Among the multi-layered tragedies that have afflicted J&K, perhaps the most poignant is the forced exile of the Kashmiri Pandit community. Estimates are that there are some 60,000 families, who now live mainly in Jammu and New Delhi. This could translate to 3-4 lakh people who were suddenly uprooted and forced to fend for themselves.
In a Valley inhabited by some 70 lakh Muslims, it is hard to see how their resettlement would upset the ethnic balance. Yet those who are protesting make it out as though that would be the consequence of having the Pandits back in the Valley.
An estimated 60,000 Kashmiri Pandit families were uprooted and forced to leave the Valley
The paranoia is manifested by claims that their return through “composite townships”, as mooted by the government, will be tantamount to Israeli settlement - but Pandits are as much entitled to live in the Valley as Muslims.
The community had no choice but to leave. They were the objects of targeted assassination and intimidation at the onset of the Kashmir rebellion. People attacked Governor Jagmohan for their flight, but the reality is that the unarmed and scared Pandits fled as they witnessed mass intimidation and assassination of their community.
All Jagmohan did was to ease their departure by assuring those who had government jobs that they would continue to get their salaries.
The real blame for their departure rests squarely with the Jammu & Kashmir Liberation Front and its leader at the time, Yasin Malik.
The violence in the Valley has receded. But the situation is not normal, as evidenced by recent incidents of attacks on security forces in Jammu, as well as the incident last week, where three unarmed police personnel were gunned down.
Normality will not come till the union government addresses the sentiment that is exploited routinely by the Hurriyat. We must also settle with Pakistan, since Kashmir is a dispute in the books of the international community.
But, of course, normality will also be judged by the return of the exiled Pandit community to the Valley.
The problem now is that not many would want to go back to the Valley for economic reasons. Those who have government jobs can easily be reinserted into the system. But the others have moved on. After all, it has been a quarter of a century since they were exiled. They have been forced to join the mainstream in search of jobs and education and there may not be much left for them back home in the Vale of Kashmir.
As it is, there is not much by way of manufacturing or services in the Vale. Yet the project of re-integrating the Pandits into the Valley has important cultural and political imperatives. Efforts have been made in the past to offer the Pandits incentives to move back. But barely 200 families have availed of the opportunities.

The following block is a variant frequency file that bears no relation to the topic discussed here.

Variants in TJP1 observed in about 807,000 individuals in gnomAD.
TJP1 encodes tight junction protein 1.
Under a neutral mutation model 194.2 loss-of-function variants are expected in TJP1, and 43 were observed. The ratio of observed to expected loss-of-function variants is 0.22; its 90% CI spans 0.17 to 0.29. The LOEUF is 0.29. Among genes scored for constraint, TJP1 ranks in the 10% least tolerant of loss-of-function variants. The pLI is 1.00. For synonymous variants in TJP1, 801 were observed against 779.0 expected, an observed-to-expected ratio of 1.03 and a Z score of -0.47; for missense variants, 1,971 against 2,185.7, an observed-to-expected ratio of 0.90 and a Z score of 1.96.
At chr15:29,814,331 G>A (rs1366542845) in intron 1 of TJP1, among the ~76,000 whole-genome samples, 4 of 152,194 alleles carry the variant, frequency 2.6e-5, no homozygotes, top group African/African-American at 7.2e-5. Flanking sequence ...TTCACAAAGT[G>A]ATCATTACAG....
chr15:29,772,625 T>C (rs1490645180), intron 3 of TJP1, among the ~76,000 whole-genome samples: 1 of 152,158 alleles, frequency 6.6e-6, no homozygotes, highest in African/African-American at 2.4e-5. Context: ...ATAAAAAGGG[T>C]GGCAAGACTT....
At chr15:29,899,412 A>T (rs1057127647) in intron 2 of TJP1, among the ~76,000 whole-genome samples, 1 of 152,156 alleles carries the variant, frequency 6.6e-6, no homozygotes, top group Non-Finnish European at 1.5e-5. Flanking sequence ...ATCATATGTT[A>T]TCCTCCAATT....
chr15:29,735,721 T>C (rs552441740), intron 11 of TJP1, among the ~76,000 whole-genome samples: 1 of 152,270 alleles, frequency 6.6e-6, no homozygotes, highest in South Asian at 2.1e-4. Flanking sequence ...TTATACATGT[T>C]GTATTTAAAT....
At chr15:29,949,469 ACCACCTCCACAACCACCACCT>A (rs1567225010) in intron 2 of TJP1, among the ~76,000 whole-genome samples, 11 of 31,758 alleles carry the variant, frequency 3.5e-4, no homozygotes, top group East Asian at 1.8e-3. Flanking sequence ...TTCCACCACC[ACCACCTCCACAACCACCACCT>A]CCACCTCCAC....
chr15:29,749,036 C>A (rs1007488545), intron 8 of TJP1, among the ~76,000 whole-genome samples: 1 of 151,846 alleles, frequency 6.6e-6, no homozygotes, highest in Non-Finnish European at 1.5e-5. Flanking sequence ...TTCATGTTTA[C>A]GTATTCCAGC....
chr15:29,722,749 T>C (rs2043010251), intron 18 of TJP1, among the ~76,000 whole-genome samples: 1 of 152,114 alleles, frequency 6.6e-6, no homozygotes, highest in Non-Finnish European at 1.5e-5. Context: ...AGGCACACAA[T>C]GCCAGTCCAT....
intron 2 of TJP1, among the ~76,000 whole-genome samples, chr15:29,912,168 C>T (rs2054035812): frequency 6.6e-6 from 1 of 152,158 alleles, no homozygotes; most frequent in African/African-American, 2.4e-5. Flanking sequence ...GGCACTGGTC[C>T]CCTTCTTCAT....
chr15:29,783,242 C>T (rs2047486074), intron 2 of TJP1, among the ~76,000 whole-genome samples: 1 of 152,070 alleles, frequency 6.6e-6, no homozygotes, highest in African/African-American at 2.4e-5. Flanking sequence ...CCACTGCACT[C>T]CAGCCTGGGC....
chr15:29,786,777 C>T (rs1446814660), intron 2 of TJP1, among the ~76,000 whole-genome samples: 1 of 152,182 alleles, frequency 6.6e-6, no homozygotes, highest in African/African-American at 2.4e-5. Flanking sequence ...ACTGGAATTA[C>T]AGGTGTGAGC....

The BJP is particularly keen to take up the project and as part of this, the Union Home Ministry has announced the decision to create “composite townships” and have requested coalition partner CM Mufti Mohammed Sayeed to acquire land for the purpose.
This has been vehemently opposed by the separatists, led, ironically, by the same Yasin Malik who played a nefarious role in forcing the Pandits out.
They have made all kinds of wild allegations about creating Israel-type settlements in the Valley. On the other hand, the Congress and National Conference charge that these townships will be akin to ghettoes.
The word “composite” has been carefully chosen – Maulana Hussain Ahmed Madni, the founder of the Jamiat-ul-ulema-e-Hind believed India was a composite culture where Hindus and Muslims could live together and hence he and his organisation opposed partition.
Chief Minister Mufti Sayeed has clarified that these will not be Pandit-only settlements, but include Muslims as well. Not many people realise that it was not just the Pandits who fled the Valley, but many Muslims as well.
The key, of course, is just how the project will be executed. Pandits and Muslims have lived side-by-side in the past and even today they enjoy a composite culture under the rubric of “Kashmiriyat”.
The idea of a composite culture has been battered by the events of the last 25 years, and what we are trying now is to see if its pieces can be put back together and a deprived people given a modicum of justice.
The townships should not be seen as special fortresses, but a newer way of approaching the urbanisation of the Valley which requires not only proper housing, but generates job opportunities.
As for security, there is no option but to make it part of the larger security of the Valley itself. As of now it is not all that bad, despite the isolated instances of terrorism. There are still some hardcore gunmen in the Valley, but their message is of little consequence.
Besides composite townships, the government could also consider rebuilding the many run-down houses of Pandits in their erstwhile localities in Srinagar and other Kashmiri towns. While some properties were sold off, there are many lying more or less abandoned. The state can purchase and redevelop them.
Reinserting the Pandits back into their old environment is a preferable option. However, at the end of the day, the process depends not only on the design of the project, but on the imperatives and desires of the individual Pandit families now living in exile.
All options must be explored to do the right thing by them, because the state which failed to protect them owes them that. But at the end of the day, what they do, has to be their decision.
Mail Today April 14, 2015